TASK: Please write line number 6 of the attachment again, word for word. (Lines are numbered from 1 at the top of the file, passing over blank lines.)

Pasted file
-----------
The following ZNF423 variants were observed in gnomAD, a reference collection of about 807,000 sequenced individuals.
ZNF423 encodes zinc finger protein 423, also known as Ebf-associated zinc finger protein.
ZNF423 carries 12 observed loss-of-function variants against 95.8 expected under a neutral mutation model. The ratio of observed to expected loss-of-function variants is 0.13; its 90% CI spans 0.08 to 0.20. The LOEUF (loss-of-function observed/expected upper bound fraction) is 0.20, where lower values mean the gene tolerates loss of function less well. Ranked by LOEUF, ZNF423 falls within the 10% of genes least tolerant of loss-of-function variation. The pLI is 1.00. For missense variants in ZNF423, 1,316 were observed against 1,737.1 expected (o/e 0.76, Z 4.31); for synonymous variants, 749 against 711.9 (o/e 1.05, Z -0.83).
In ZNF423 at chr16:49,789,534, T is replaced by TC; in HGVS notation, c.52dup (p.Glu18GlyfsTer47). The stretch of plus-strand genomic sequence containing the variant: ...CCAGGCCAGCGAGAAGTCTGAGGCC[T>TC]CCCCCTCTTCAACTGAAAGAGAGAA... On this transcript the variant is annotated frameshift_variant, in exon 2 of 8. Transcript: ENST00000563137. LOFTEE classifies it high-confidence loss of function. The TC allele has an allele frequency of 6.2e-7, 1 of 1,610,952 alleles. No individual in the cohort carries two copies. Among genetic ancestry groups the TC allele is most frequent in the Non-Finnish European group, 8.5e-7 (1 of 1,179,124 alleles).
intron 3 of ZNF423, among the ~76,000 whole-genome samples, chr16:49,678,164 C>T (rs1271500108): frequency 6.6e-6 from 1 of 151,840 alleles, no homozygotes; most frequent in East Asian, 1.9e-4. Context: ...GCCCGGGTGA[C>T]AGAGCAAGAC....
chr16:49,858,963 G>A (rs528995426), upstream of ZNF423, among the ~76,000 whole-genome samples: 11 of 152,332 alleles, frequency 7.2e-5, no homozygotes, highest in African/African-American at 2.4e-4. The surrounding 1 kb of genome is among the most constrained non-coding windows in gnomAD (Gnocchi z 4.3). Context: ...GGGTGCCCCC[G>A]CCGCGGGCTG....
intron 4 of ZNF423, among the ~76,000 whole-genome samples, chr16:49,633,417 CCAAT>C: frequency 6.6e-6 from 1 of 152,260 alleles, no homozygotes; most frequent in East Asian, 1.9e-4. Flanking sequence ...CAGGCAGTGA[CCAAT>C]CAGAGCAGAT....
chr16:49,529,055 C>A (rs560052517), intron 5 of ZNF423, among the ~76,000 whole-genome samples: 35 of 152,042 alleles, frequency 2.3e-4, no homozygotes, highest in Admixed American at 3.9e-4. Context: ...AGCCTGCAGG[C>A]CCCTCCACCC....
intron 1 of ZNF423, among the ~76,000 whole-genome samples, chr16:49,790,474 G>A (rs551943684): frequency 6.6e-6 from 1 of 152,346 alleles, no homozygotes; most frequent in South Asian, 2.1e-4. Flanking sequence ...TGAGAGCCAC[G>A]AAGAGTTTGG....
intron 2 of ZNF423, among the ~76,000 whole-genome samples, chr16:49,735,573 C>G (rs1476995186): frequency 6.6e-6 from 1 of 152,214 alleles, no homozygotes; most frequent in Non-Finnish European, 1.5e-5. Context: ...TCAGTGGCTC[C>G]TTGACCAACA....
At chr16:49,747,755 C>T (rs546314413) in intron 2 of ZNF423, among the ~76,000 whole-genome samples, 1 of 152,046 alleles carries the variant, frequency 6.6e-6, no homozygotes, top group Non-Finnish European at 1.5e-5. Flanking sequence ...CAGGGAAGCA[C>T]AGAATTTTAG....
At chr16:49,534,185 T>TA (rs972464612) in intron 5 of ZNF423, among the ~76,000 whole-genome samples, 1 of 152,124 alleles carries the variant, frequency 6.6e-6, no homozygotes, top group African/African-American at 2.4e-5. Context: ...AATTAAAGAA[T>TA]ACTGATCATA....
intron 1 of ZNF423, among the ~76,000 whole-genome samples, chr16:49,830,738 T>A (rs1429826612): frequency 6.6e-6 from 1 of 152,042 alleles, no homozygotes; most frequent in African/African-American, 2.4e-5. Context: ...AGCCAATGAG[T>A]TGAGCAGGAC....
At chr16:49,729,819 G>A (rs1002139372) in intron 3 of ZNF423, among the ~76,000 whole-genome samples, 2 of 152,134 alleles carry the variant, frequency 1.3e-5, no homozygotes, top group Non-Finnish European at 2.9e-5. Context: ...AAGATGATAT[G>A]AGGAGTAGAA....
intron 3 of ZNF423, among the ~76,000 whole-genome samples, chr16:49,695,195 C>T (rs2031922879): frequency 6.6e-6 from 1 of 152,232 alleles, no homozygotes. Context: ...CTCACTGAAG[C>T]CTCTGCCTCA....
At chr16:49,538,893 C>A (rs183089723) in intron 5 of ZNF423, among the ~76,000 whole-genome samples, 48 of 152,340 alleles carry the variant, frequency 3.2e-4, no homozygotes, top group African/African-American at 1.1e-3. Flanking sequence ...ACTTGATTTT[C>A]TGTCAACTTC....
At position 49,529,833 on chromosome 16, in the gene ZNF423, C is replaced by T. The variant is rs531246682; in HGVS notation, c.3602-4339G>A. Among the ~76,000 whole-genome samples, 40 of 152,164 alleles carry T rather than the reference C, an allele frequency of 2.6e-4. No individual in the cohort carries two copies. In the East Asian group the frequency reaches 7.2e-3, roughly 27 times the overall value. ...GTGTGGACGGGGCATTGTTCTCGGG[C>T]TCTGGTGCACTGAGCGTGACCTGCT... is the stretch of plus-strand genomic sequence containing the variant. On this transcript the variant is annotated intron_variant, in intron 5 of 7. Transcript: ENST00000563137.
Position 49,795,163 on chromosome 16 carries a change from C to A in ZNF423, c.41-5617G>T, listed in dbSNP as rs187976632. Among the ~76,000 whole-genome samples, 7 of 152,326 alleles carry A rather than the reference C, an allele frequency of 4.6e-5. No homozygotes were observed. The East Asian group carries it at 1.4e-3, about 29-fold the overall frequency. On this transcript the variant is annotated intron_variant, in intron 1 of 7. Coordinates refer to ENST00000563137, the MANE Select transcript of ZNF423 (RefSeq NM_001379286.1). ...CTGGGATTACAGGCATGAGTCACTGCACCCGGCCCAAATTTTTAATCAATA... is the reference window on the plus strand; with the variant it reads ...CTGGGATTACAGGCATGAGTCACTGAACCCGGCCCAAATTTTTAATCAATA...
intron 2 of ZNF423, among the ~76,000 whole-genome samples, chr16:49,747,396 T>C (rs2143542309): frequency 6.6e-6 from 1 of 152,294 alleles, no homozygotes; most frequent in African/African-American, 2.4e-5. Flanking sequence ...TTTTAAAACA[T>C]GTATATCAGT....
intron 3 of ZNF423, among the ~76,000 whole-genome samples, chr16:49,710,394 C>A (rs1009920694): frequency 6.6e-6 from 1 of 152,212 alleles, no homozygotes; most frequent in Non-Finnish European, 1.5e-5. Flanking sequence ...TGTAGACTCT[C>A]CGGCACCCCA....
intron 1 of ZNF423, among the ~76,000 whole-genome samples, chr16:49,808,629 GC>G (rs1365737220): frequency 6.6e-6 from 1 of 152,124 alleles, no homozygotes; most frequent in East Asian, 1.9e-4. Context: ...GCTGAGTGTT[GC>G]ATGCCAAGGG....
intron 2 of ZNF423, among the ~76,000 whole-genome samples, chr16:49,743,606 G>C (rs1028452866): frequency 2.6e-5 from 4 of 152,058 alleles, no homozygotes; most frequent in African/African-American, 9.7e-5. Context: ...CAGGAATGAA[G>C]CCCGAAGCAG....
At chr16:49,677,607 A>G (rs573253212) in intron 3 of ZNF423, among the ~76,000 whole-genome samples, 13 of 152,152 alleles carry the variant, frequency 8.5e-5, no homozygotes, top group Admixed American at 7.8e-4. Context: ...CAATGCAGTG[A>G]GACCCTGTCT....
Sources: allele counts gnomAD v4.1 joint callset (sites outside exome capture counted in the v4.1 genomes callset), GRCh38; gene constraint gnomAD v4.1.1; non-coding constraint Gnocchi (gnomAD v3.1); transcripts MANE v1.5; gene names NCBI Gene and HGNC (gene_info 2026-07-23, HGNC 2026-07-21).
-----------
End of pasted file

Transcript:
chr16:49,858,963 G>A (rs528995426), upstream of ZNF423, among the ~76,000 whole-genome samples: 11 of 152,332 alleles, frequency 7.2e-5, no homozygotes, highest in African/African-American at 2.4e-4. The surrounding 1 kb of genome is among the most constrained non-coding windows in gnomAD (Gnocchi z 4.3). Context: ...GGGTGCCCCC[G>A]CCGCGGGCTG....